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Oregon's Secretary of State Defends Cambridge Analytica Connection

Secretary of State Richardson said that his 2014 campaign paid for a survey from the British company, which now faces immense scrutiny for its use of Facebook user data.

Posted: Apr 6, 2018 5:38 PM
Updated: Apr 6, 2018 5:57 PM

SALEM, Ore. — Oregon's Secretary of State Dennis Richardson released a statement on Friday, claiming that he was responding to critics who accused him of associating with the British consulting firm Cambridge Analytica during his 2014 campaign.

Criticism of Richardson comes from the Democratic Party of Oregon (DPO), who cited public records showing that the Secretary of State paid $5,000 to Cambridge Analytica in September of 2014 for "Micro Targetting/Survey."

In his statement, Richardson claimed that the $5,000 payment to the British consulting firm came out of a total budget of $3 million—and only represented the purchase of a single survey.

"My recollection is that our campaign was unimpressed," Richardson said. He then said that his campaign never used the firm again.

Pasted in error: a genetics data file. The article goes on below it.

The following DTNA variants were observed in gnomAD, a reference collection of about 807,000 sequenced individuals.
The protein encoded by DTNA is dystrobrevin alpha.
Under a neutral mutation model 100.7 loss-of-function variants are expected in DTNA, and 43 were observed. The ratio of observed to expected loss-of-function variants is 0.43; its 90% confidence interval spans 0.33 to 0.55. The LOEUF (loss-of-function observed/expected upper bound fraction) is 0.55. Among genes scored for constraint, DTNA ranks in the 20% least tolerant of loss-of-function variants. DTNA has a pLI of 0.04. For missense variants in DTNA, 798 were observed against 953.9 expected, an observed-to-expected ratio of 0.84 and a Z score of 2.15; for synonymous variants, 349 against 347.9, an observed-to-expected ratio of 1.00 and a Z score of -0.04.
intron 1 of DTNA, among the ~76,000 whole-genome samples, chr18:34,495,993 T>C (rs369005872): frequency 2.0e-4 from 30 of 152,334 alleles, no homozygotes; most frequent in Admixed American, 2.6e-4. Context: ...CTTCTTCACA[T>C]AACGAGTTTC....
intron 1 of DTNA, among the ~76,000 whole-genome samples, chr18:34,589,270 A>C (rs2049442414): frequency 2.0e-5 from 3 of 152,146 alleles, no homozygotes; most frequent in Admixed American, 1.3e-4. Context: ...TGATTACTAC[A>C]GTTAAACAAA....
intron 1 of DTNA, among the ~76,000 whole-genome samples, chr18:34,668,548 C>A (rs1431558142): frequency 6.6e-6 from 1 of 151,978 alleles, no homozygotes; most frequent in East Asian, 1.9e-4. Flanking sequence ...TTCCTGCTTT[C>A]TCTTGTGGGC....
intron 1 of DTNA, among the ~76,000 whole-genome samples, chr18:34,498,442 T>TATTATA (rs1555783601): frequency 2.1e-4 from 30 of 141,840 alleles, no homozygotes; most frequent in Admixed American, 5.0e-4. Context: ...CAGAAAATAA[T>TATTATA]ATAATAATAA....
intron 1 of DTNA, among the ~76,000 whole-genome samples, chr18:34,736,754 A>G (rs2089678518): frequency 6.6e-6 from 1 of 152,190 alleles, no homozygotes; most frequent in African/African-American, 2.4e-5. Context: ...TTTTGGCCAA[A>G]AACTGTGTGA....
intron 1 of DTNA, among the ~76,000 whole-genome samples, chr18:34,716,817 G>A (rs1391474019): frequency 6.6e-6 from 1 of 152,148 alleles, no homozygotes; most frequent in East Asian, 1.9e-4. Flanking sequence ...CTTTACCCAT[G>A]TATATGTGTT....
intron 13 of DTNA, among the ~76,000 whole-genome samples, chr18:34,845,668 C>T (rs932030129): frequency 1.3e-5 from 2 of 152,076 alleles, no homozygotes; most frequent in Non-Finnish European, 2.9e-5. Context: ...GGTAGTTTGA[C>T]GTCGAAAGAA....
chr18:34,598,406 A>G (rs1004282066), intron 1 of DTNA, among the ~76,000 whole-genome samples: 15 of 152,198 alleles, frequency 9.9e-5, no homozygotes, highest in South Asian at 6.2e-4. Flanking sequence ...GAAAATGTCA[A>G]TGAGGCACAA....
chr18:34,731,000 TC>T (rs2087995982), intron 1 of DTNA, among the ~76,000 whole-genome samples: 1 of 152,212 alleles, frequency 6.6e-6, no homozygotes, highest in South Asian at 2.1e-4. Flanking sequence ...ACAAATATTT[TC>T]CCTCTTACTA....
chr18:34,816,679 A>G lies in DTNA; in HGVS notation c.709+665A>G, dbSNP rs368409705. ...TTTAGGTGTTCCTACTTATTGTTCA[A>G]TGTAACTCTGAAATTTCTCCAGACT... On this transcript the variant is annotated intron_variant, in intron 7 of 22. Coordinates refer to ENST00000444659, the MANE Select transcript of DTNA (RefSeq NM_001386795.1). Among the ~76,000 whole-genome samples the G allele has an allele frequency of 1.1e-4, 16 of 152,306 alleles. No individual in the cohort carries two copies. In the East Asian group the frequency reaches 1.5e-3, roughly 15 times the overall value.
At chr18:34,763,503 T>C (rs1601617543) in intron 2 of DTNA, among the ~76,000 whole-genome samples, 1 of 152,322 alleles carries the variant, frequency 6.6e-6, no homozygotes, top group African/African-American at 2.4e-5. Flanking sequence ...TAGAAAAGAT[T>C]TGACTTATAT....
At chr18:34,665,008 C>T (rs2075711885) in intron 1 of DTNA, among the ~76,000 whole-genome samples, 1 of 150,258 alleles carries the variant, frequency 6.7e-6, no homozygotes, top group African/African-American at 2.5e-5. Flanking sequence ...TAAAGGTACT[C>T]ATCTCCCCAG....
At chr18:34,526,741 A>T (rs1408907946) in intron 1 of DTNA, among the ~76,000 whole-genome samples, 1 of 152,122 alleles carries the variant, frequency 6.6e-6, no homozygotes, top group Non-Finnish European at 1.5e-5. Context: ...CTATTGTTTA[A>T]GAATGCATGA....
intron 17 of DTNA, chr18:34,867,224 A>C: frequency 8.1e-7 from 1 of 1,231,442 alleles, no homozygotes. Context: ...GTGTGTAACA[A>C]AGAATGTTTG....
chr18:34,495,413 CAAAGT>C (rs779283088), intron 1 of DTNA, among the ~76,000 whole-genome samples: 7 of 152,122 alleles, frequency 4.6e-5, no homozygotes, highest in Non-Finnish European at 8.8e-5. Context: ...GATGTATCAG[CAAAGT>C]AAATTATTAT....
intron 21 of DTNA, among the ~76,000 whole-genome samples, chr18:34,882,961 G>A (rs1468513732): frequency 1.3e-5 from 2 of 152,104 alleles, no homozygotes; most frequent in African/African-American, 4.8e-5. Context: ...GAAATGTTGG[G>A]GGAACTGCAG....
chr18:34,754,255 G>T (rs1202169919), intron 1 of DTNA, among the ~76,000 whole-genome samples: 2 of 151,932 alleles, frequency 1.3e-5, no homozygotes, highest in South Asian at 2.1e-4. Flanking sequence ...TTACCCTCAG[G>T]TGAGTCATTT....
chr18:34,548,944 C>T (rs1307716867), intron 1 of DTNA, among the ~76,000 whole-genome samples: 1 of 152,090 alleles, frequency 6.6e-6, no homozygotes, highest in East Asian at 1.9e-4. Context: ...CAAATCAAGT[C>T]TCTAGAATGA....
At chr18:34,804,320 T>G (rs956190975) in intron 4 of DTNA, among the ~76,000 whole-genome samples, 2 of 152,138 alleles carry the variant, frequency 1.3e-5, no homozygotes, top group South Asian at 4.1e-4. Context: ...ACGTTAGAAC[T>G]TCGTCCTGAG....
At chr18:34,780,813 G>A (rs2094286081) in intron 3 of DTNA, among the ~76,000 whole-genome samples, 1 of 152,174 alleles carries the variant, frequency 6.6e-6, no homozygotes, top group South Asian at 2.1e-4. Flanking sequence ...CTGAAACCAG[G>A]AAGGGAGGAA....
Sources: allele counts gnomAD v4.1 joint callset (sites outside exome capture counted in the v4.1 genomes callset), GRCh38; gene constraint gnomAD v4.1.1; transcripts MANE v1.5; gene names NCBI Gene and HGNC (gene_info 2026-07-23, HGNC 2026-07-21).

“I am deeply troubled that Oregon’s chief elections officer has a documented relationship with Campaign Analytica, a firm that is under international scrutiny for using illegal data mining practices to influence U.S. elections,” said Jeanne Atkins, Chair of the Democratic Party of Oregon.

The DPO also claimed that Richardson has spent over $100,000 on direct expenditures to Facebook since 2014, and that this sum is more than any other Oregon candidate. Richardson did not directly respond to this claim in his statement, and the DPO claim did not cite any specific data source.

“I do not dispute that online organizing is a key component of how political campaigns organize and contact voters. However, there is no doubt that Cambridge Analytica has repeatedly crossed the line and broken laws. Oregon voters are right to be angry that they were used as a test case in 2014. We must demand answers,” said Atkins.

Richardson also touted his record on voter privacy, having moved to keep private the phone numbers and birth month/day of voters. Voter names, addresses, birth year, party affiliation, participation history and other information are still available to any party that pays the state a $500 fee.

"Oregonians can be confident in the transparency, accountability, and integrity of my office and the professional staff in our Elections Division," said Richardson.

A native of Central Point, Richardson is the 26th Secretary of State for Oregon and a member of the Republican party.

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